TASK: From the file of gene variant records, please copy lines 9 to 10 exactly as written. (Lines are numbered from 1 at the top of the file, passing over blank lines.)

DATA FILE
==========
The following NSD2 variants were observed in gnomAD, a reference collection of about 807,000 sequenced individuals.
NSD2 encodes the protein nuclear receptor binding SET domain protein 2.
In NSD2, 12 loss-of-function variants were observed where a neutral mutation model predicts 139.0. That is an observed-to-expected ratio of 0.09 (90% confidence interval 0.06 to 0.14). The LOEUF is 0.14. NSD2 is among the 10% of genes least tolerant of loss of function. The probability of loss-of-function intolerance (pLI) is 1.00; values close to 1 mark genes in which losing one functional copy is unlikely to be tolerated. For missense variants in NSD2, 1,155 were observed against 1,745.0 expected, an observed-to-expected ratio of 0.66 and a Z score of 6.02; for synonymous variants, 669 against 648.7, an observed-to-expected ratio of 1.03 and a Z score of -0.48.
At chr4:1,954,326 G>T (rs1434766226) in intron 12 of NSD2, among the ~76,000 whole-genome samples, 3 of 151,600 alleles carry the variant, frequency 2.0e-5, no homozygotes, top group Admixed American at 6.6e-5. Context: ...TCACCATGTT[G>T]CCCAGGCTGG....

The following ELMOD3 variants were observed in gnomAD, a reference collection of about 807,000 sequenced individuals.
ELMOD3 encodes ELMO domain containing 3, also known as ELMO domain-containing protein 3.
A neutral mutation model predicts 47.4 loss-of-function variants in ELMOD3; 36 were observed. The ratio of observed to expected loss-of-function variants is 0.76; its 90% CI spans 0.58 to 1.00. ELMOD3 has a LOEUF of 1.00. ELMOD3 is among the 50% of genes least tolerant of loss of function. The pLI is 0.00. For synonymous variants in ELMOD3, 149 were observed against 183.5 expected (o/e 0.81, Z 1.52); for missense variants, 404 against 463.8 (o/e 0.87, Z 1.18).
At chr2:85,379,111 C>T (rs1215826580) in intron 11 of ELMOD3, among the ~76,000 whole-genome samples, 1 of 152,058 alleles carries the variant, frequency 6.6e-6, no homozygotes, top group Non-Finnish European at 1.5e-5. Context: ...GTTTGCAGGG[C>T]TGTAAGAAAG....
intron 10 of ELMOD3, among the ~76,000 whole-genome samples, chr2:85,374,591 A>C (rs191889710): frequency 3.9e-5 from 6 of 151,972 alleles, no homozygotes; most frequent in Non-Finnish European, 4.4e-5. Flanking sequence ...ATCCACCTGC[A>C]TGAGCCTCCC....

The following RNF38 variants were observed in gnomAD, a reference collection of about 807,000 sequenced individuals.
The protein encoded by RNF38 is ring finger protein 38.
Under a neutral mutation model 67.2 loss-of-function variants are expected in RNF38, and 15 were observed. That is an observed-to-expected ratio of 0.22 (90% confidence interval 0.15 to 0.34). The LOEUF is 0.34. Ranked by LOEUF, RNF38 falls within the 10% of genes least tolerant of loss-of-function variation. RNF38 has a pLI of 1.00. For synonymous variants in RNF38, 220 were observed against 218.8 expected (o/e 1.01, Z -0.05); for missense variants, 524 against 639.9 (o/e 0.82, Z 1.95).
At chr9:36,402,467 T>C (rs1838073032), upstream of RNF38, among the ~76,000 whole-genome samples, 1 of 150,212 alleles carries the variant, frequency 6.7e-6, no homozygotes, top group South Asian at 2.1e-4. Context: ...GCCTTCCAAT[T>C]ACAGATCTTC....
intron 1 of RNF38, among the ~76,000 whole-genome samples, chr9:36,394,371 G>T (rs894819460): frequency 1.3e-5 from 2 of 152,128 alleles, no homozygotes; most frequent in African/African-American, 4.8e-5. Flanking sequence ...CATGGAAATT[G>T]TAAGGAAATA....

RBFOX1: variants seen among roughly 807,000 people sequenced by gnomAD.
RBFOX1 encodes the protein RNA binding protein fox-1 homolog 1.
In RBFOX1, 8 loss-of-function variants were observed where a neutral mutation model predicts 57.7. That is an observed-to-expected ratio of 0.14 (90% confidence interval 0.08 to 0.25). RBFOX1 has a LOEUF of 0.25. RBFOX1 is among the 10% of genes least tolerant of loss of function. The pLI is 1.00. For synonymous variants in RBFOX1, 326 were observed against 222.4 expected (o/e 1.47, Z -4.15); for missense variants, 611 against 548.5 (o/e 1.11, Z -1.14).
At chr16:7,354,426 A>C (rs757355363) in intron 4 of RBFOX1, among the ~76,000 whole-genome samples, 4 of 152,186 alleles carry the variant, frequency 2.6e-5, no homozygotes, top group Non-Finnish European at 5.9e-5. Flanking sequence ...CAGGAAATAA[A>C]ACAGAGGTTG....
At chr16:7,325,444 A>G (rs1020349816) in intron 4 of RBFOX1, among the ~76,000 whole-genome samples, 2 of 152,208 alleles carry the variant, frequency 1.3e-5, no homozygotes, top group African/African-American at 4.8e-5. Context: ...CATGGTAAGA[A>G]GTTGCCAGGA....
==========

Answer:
intron 10 of ELMOD3, among the ~76,000 whole-genome samples, chr2:85,374,591 A>C (rs191889710): frequency 3.9e-5 from 6 of 151,972 alleles, no homozygotes; most frequent in Non-Finnish European, 4.4e-5. Flanking sequence ...ATCCACCTGC[A>C]TGAGCCTCCC....

The following RNF38 variants were observed in gnomAD, a reference collection of about 807,000 sequenced individuals.